Untangling the complexities of intellectual property and copyright law without a lawyer to assist is like learning to ski by strapping on a pair of jet boots and jumping off a cliff. Businesses have legal departments to keep them from making stupid, painful mistakes like that, but nobody can stay safe forever, and the sticky world of digital reprint rights caught up with Wizards of the Coast with a vengeance. Most pieces submitted to Dragon Magazine over the years became the property of the publisher, as is common practice, and thus could be reprinted at the publisher’s whim. Unfortunately for Wizards that didn’t apply to the fiction they published, or the comics that ran in the magazine, the authors of which maintained their ownership and expected compensation. The Science Fiction and Fantasy Writers of America (SFFWA) secured a settlement for a number of authors to clear the way for the Archive to go forward, and everything seemed hunky-dory until Wizards stepped on the toes of Kenzer & Co. over the right to reprint a little comic strip called “Knights of the Dinner Table“.
While WotC was able to pacify the fiction authors into not suing over what would have amounted to a giant pile of copyright infringement, Kenzer & Co. was a different story. Owner Dave Kenzer came from a background not in publishing but in law. What’s more, Kenzer happened to specialize in Intellectual Property, a subject he was happy to school Wizards of the Coast on. Given that “Knights of the Dinner Table” saw publication in Dragon Magazine starting in 1996 with issue #226, continued through issue #250 (and beyond), and was not produced for the magazine as a work-for-hire, Kenzer wanted compensation for those twenty-five strips. None was forthcoming, so Kenzer used ‘Lawsuit’.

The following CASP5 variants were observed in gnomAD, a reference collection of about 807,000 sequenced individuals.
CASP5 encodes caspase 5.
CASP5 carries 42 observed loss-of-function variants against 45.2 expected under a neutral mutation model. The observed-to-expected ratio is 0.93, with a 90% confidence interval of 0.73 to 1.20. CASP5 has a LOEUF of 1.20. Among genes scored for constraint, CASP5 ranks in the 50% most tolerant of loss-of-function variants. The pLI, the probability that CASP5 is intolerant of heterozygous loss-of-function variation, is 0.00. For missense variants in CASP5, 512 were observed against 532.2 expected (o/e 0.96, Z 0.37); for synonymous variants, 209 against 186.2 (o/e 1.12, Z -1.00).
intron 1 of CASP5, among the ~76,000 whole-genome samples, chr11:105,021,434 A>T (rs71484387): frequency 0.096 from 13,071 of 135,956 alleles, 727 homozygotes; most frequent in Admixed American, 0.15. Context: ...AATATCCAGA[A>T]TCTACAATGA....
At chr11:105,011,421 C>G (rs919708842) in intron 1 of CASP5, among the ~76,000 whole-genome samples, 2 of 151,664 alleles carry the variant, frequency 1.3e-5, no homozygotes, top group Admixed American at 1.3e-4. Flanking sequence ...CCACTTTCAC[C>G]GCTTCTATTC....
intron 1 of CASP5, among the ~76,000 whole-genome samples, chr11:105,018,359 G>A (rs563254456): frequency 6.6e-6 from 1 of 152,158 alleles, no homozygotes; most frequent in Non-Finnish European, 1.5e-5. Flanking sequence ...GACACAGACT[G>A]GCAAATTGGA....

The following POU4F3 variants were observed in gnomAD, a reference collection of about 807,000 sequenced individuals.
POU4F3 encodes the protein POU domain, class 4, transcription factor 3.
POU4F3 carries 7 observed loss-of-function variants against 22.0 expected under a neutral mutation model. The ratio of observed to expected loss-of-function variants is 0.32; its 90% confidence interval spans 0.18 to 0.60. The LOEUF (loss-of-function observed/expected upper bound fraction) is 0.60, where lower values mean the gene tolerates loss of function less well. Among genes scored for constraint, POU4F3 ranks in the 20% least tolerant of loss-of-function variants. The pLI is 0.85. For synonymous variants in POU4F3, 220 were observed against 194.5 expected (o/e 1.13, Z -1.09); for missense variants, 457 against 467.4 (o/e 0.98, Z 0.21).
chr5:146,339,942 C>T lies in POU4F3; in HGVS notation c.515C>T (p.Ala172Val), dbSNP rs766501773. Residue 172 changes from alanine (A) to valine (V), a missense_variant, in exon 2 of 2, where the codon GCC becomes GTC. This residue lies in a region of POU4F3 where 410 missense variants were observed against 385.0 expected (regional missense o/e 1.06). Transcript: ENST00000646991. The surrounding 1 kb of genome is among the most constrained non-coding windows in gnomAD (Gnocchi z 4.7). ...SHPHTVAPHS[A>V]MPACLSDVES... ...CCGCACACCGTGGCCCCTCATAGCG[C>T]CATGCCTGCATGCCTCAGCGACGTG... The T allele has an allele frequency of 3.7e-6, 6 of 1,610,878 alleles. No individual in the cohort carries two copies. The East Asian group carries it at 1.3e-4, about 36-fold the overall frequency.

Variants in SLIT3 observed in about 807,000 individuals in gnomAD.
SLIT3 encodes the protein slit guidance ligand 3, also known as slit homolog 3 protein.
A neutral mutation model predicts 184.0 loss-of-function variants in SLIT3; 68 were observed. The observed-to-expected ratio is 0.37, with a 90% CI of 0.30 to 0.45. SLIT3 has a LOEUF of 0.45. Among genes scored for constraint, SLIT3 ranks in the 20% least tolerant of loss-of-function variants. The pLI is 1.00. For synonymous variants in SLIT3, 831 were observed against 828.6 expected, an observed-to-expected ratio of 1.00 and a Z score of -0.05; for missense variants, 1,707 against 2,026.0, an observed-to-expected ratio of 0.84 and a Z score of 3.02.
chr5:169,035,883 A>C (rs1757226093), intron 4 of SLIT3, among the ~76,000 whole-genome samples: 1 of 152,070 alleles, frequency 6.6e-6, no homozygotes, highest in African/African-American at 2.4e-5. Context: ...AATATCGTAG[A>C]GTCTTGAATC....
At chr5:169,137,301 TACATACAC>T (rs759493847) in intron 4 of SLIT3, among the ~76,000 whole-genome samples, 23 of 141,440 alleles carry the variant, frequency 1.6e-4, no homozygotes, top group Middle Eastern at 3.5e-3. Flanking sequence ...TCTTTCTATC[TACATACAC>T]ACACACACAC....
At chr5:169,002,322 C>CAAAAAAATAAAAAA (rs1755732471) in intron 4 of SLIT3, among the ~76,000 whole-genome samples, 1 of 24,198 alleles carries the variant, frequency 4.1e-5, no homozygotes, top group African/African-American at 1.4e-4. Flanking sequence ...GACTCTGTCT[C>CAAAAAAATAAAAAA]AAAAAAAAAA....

The result of the suit, which was settled out of court, saw the Dragon Magazine Archive pulled from circulation, and established a gentleman’s agreement between Wizards of the Coast and Kenzer. This allowed Kenzer to use the old 1st Edition Advanced Dungeons & Dragons rules as a foundation to create a brand new RPG. ‘Hackmaster’, the parody of D&D played by the characters in “Knights of the Dinner Table”, became a reality much to the delight of KoDT fans who had for years begged Kenzer & Co. to publish a real rule set so they could play along. Hoody-hoo!
The upside: if you own a copy of the Dragon Magazine Archive, you have a major piece of gaming history that will never be printed again (alternately, you have a quick and easy way to get a couple hundred bucks via eBay). The downside: the copyright and licensing debacle ensured there’s no way we’d ever see anything like this for Dragon’s sister publication Dungeon Magazine, and if you want it you’ll have to fork over the equivalent of a car payment…which is still cheaper (not to mention lighter) than building a steel storage rack to hold all 250 issues once you’ve hunted them all down.
You can also be a butthole and download it illegally which, let’s face it, is what you’re likely to do after reading this, assuming you didn’t have your torrent program open already. Enjoy your ill-gotten gains, ye landlubbers.
Hit Ebay for some physical copies of Dragon Magazine.